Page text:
Certain scientific advancements—such as the discovery of penicillin or the structure of DNA—are such game-changers that the scientists behind them are honored and immortalized with a Nobel Prize. And then there is the sort of research that involves giving helium to alligators or identifying narcissists by their eyebrows. Since 1991, these scientific misfits have found recognition by the Ig Nobel awards, a product of the Annals of Improbable Research. On Thursday (September 17), this year’s cohort of esteemed-ish honorees was announced via webcast.
While there is a world of difference in the Ig Nobel’s prestige and the prizes founded by Alfred Nobel, the two groups are not mutually exclusive, and there are scientists who are recipients of both.
The 30th First Annual (not 31st Annual) Ig Nobel Prize ceremony, held entirely online for the first time due to the ongoing coronavirus pandemic, celebrated truly jaw-dropping studies in 10 categories, six of which were presented by Nobel laureates:
Acoustics: Awarded to a team of scientists “for inducing a female Chinese alligator to bellow in an airtight chamber filled with helium-enriched air.”
Economics: Awarded to a team that studied “the relationship between different countries’ national income inequality and the average amount of mouth-to-mouth kissing.”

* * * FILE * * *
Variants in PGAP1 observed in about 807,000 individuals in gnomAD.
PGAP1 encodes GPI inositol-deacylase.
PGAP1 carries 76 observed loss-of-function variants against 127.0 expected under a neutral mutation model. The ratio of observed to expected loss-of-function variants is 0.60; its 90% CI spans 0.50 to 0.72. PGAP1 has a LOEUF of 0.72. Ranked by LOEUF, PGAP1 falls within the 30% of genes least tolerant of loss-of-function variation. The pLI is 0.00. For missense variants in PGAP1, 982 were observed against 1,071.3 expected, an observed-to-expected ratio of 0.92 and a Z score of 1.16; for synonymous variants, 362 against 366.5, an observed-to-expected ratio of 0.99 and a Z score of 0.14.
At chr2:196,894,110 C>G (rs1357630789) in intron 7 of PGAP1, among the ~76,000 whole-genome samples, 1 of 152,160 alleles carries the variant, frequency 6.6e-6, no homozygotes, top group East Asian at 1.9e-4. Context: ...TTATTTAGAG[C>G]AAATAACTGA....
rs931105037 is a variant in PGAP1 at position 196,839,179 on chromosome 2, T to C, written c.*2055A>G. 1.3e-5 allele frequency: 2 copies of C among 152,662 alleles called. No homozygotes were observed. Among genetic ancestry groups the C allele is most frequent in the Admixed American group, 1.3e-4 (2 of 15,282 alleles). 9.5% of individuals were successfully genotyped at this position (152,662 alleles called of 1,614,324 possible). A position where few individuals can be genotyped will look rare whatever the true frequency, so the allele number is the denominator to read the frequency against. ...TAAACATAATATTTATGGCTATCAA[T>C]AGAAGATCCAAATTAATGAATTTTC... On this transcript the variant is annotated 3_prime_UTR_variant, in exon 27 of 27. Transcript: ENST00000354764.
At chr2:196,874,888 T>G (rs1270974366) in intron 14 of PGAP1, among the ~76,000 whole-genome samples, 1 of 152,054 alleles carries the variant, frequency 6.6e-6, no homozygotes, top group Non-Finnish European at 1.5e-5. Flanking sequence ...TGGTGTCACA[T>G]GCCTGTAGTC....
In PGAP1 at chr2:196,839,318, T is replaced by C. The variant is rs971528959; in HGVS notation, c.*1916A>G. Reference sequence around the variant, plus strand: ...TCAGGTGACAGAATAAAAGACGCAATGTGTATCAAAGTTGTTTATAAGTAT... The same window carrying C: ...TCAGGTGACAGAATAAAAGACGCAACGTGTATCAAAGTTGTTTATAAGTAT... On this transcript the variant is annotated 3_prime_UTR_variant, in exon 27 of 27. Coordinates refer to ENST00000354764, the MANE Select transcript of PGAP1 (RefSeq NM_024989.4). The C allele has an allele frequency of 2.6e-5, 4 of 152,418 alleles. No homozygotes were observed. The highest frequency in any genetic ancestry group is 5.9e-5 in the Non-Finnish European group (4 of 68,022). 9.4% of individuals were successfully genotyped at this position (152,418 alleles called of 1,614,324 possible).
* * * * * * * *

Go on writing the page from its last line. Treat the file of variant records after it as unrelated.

Entomology: Awarded to an American researcher who collected “evidence that many entomologists (scientists who study insects) are afraid of spiders, which are not insects.”
Management: Awarded to five professional hitmen “who managed a contract for a hit job (a murder performed for money) in the following way: After accepting payment to perform the murder, Xi Guang-An then instead subcontracted the task to Mo Tian-Xiang, who then instead subcontracted the task to Yang Kang-Sheng, who then instead subcontracted the task to Yang Guang-Sheng, who then instead subcontracted the task to Ling Xian-Si, with each subsequently enlisted hitman receiving a smaller percentage of the fee, and nobody actually performing a murder.”
Materials Science: Awarded to a group of scientists “for showing that knives manufactured from frozen human feces do not work well.”
Medical Education: Awarded to a group of world leaders including President Donald Trump, Prime Minister Boris Johnson, President Vladimir Putin, and President Jair Bolsonaro “for using the COVID-19 viral pandemic to teach the world that politicians can have a more immediate effect on life and death than scientists and doctors can.”
Medicine: Awarded to doctors “for diagnosing a long-unrecognized medical condition: Misophonia, the distress at hearing other people make chewing sounds.”
Peace: Awarded to unnamed government officials from India and Pakistan who “surreptitiously [rung] each other’s doorbells in the middle of the night, and then [ran] away before anyone had a chance to answer the door.” Essentially, Ding Dong Ditch with diplomatic immunity.
Physics: Awarded to a team that discovered “what happens to the shape of a living earthworm when one vibrates the earthworm at high frequency.”
Psychology: Awarded to a pair of scientists “for devising a method to identify narcissists by examining their eyebrows.”
Winners receive a paper cube (which the recipients printed and folded themselves) and a note for $10,000,000,000,000. Not US dollars, of course, but a relic from the days of Zimbabwe’s hyperinflation. According to reports, this was the sum required to buy a loaf of bread in 2009.
Warmest congratulations to all of this year’s honorees!